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WHY GO: The oft-overlooked upper reaches of Vermont, affectionately known as the Northeast Kingdom, or NEK, has farmland, cheese, Bag Balm, and one of the best breweries in the country according to many craft brew fans.
At its center, the city of St. Johnsbury VT holds some classy surprises, including a Victorian-age library and Natural History Museum that entice visitors to shove cell phones in pockets and take a closer look. We round out this getaway with a Buddhist meditation center, a Pet Chapel, and one amazing country inn.
Things to Do in Northeast VT
TOUR: Cabot Cheese Factory, Cabot
Crafting good cheese is nearly as complex as making wine, as you’ll discover at the Cabot Cheese Factory in, logically, Cabot VT.
In 2017, Cabot suspended tours due to feasibility issues and food safety standards. But you can still come to the Visitor’s Center for your share of cheese samples. And you can watch a video, which actually gives you a closer look at Cabot’s cheese-making process.
The film begins with an overview of the Cabot Cheese Factory, now owned by a farm collective called Agri-Mark, the largest farmer-owned co-op in New England, representing 1,200 farmers.
This united front is nothing new here. In 1914, ninety four farmers banded together to form Cabot Creamery, shipping milk and cheese to Boston and down the Hudson River to market.
Now, Cabot obtains milk from 300 dairy farms, most within a 90-mile radius. Each batch is inspected carefully by in-house scientists who measure protein and butterfat and scrutinize for contents that may contaminate or compromise the final product.
Curds (solids) and whey (protein water) pour from large pipes into industrial-sized troughs, where they are separated. Nothing is wasted here. Whey water is recycled or dehydrated into powder and sent to developing countries as nutrition-boosters.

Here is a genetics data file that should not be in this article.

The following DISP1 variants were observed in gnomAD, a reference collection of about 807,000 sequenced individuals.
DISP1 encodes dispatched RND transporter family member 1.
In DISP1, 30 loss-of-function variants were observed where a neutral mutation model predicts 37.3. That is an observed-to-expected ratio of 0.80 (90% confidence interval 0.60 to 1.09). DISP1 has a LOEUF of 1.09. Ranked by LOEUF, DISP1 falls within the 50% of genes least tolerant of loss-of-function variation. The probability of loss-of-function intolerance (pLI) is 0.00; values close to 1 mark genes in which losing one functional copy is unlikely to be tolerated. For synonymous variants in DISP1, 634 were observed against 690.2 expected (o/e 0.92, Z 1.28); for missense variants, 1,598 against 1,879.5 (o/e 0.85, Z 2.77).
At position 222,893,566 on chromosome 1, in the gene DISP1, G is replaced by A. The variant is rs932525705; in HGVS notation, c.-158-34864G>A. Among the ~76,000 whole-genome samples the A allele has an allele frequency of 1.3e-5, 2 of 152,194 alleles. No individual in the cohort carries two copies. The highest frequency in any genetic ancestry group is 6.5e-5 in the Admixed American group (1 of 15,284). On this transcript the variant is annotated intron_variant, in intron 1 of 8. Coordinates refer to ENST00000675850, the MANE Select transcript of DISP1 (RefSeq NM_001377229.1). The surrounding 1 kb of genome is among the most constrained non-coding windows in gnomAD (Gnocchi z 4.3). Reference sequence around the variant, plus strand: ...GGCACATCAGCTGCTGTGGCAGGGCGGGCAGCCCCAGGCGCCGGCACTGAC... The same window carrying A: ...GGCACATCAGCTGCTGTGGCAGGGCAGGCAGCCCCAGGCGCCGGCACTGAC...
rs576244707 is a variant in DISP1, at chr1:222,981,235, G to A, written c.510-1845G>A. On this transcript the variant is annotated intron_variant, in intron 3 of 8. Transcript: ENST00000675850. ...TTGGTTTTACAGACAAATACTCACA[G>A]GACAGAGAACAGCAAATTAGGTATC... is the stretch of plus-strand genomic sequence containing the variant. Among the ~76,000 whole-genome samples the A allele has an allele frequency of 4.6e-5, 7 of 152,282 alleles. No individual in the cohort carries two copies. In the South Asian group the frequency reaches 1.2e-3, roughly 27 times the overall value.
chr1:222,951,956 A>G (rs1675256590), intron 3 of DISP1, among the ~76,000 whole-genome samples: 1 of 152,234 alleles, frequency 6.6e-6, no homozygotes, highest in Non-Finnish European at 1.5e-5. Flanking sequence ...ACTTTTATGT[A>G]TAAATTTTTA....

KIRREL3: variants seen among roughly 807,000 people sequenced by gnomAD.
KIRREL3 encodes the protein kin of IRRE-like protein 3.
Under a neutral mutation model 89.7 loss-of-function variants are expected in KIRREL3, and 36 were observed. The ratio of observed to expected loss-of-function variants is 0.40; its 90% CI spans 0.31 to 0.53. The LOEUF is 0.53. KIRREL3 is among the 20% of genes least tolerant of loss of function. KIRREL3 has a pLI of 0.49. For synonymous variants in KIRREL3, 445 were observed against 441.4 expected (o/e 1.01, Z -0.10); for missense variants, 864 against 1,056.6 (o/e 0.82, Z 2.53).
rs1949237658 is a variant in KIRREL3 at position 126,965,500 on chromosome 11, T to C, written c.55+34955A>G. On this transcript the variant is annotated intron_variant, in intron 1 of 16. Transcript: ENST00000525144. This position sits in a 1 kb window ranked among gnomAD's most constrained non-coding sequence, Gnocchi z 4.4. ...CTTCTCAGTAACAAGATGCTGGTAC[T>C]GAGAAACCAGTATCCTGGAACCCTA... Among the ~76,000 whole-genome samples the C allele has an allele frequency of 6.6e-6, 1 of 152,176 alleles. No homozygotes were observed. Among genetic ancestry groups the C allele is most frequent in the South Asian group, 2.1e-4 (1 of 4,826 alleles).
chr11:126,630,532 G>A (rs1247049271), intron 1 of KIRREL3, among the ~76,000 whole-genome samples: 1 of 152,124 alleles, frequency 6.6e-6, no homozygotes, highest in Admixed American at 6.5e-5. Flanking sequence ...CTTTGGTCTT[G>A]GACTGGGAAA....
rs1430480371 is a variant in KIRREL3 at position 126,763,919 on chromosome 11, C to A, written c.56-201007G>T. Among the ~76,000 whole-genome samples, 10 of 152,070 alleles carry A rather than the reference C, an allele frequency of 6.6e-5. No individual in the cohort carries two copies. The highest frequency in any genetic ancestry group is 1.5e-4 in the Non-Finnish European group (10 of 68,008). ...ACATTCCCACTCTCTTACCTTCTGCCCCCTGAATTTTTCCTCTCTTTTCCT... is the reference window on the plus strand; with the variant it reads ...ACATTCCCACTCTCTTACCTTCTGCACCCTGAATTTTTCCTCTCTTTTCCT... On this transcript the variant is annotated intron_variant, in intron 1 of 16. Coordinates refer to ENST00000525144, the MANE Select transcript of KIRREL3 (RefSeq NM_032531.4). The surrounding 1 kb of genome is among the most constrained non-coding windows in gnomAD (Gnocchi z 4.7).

Cheese-makers cut huge blocks of fresh-pressed cheese into sections, wrap them in plastic and place them in time stamped boxes to be aged. Cheddars age from two months to five years, increasing in sharpness each year.
FYI- Monterey Jack is a “rinsed curd” cheddar, Colby is an orange Monterey Jack, colored by annatto (derived from a South American plant); all made here. Try the 5-year aged cheddar, Smoky Bacon, Pepper Jack, Hot Buffalo, Horseradish, and any number of flavored cheddars that Cabot is known for before leaving. Free, year round Mon-Sat 10-4.
STOP: American Society of Dowsers National Headquarters and Bookstore, Danville, Northeast Kingdom VT
The Getaway Mavens promise “Offbeat,” and we deliver. This tiny house is the national headquarters for the 2,000-member American Society of Dowsers. The public, however, can pop into the bookstore for information and books. Interestingly, you can also purchase pendulums ($20 for Amethyst), bobber-rods, brass antennas, L-Rods or any number of dowsing tools.
Most lay-people know about water dowsing. But this metaphysical force can also locate “physical or spiritual” problems utilizing “earth energy” and “sacred geometry.” The ASD offers a 2-day Basic Dowsing Course, now online. Experts maintain that it’s not good form to use dowsing tools for treasure hunting. “Dowsing is more for need than greed.” Bookshop open Mon-Fri 8-4.
PHOTO OP: Bag Balm Factory, Lyndonville
Though the factory doesn’t offer tours, Bag Balm, in iconic green square tins, has been made in the Northeast Kingdom town of Lyndonville since 1899.
Years ago, “farmer’s wives started noticing how smooth and supple their husband’s hands were,” after milking cows. So, they began using the cow-udder-softener themselves.